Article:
Our vision is to develop a network of researchers in Africa and the UK, within institutional environments which are conducive for world class research, applying cutting-edge scientific methods to fill gaps in our understanding of the impacts of conservation agriculture practices on the water cycle in cultivated soils.
There is evidence that reduced tillage, returning crop residues to the soil (for protection and to increase its carbon status) and increased crop diversity can make cropping more resilient to dry conditions. This is known as conservation agriculture.
The Global Challenges Research Fund CEPHaS project is a joint undertaking between colleagues in Zambia, Zimbabwe, Malawi and the UK to strengthen our shared capacity to study how conservation agriculture practices affect the behaviour of water in soil-crop- groundwater systems.
Our vision is to develop a network of African and UK researchers, within institutional environments that are conducive for world class research, applying cutting-edge scientific methods to fill knowledge gaps on the impacts of conservation agriculture practices on the water cycle in cultivated soils.
Using modern methods in soil physics and hydrogeology, we are examining soil and groundwater under CA experiments in Malawi, Zambia and Zimbabwe, and so develop our experience and capacity as a network to answer questions on behalf of farmers, their advisers and policy makers.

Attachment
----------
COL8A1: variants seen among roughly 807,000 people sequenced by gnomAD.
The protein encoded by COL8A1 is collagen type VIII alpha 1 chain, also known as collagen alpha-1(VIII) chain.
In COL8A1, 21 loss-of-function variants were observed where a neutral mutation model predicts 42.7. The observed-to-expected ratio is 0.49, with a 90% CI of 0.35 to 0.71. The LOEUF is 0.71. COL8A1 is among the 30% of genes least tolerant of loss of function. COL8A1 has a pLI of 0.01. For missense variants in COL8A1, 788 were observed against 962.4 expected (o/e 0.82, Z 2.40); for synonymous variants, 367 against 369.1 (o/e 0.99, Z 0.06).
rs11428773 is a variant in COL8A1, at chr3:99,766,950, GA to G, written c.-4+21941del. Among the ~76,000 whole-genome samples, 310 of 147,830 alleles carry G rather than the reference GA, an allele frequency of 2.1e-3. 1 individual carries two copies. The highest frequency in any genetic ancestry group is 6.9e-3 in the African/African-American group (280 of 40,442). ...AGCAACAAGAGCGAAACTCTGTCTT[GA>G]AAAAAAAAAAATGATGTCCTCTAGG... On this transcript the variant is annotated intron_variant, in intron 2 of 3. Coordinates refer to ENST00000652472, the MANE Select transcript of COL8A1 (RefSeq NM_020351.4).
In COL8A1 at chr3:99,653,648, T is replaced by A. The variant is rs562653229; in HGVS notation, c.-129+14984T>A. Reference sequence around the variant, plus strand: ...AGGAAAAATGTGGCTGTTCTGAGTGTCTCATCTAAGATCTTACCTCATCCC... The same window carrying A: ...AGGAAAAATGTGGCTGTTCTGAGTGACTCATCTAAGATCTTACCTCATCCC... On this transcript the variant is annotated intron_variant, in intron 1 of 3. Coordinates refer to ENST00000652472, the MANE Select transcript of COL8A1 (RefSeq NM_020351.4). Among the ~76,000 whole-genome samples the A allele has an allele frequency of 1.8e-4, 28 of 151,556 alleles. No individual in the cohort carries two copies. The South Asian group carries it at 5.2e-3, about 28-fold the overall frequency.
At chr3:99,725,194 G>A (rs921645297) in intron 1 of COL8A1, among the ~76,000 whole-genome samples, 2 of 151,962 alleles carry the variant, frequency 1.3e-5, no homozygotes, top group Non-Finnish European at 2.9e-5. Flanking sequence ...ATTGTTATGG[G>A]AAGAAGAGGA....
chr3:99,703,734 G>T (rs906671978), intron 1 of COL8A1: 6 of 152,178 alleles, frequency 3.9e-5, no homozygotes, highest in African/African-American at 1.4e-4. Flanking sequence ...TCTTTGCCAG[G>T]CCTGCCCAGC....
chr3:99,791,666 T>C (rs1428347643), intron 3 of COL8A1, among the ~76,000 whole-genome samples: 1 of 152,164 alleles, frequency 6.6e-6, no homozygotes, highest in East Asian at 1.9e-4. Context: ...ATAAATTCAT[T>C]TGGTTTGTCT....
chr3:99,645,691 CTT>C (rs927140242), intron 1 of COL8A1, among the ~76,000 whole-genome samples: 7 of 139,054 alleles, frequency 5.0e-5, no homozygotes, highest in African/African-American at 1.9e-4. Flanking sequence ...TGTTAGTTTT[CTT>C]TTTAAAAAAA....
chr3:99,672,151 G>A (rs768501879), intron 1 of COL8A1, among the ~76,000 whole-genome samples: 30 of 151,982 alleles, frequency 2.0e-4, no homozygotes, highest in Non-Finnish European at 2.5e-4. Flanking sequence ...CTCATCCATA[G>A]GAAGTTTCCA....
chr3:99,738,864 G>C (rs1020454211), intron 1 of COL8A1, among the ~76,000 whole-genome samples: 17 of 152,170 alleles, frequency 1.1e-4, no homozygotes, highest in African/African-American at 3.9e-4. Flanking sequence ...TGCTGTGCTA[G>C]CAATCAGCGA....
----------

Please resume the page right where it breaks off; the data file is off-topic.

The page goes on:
We have established new experiments at the University of Zambia’s Liempe Farm. We are working with established experiments in Malawi (Chitedze) and Zimbabwe (Domboshava) allowing us to examine long to medium term effects of CA practices, and to add value to these trials.
We are a team of soil scientists, agronomists, hydrogeologists, geophysicists, statisticians, agricultural economists and capacity developmental scientists from research institutions in Zimbabwe, Zambia, Malawi and the UK.
No 1 (Feb 2018) — About CEPHaS
No 2 (Jun 2018) — Recent activities in soil physics
No 3 (Nov 2018) — Recent activities in shallow geophysics
No 4 (Dec 2018) — Recent activities in Hydrogeology
No 5 (Jun 2019) — Recent activities in Capacity Strengthening
No 6 (Oct 2019) — Recent advances in statistics
No 7 (Feb 2020) — Recent advances in Farming Systems
No 8 (Apr 2020) — Our CA experiments in Zambia
No 9 (Apr 2020) — Our CA experiments in Malawi
No 10 (Mar 2020) — Our CA experiments in Zimbabwe
No 11 (Sept 2020) — What is Conservation Agriculture?
No 12 (Mar 2021) — Stakeholder engagement in the CEPHaS project
No 14 (Sept 2021) — The potential impact of CA on the micronutrient content of food
No 15 (Mar 2022) — CA influences on soil organic carbon and aggregate stability
No 1 (Nov 2020) — Daniel Kalala - KATC
No 2 (Jan 2021) —Dr Ivy Ligowe - DARS
No 3 (Feb 2021) —Dr Matthew Mbanga - FfF Trust
No 4 (May 2021) —Dr Hambulo Ngoma - IAPRI
No 6 (July 2021) —Dr Christian Thierfelder - CIMMYT
No 7 (July 2021) —Mr Jerry Dlamini - UFSUV
No 8 (February 2022) —Dr Geoffrey Heinrich - CRS
No 9 (May 2022) —Ms Bernadette Malamba - RWA
CEPHaS is funded by Research Councils UK through its Global Challenges Research Fund programme.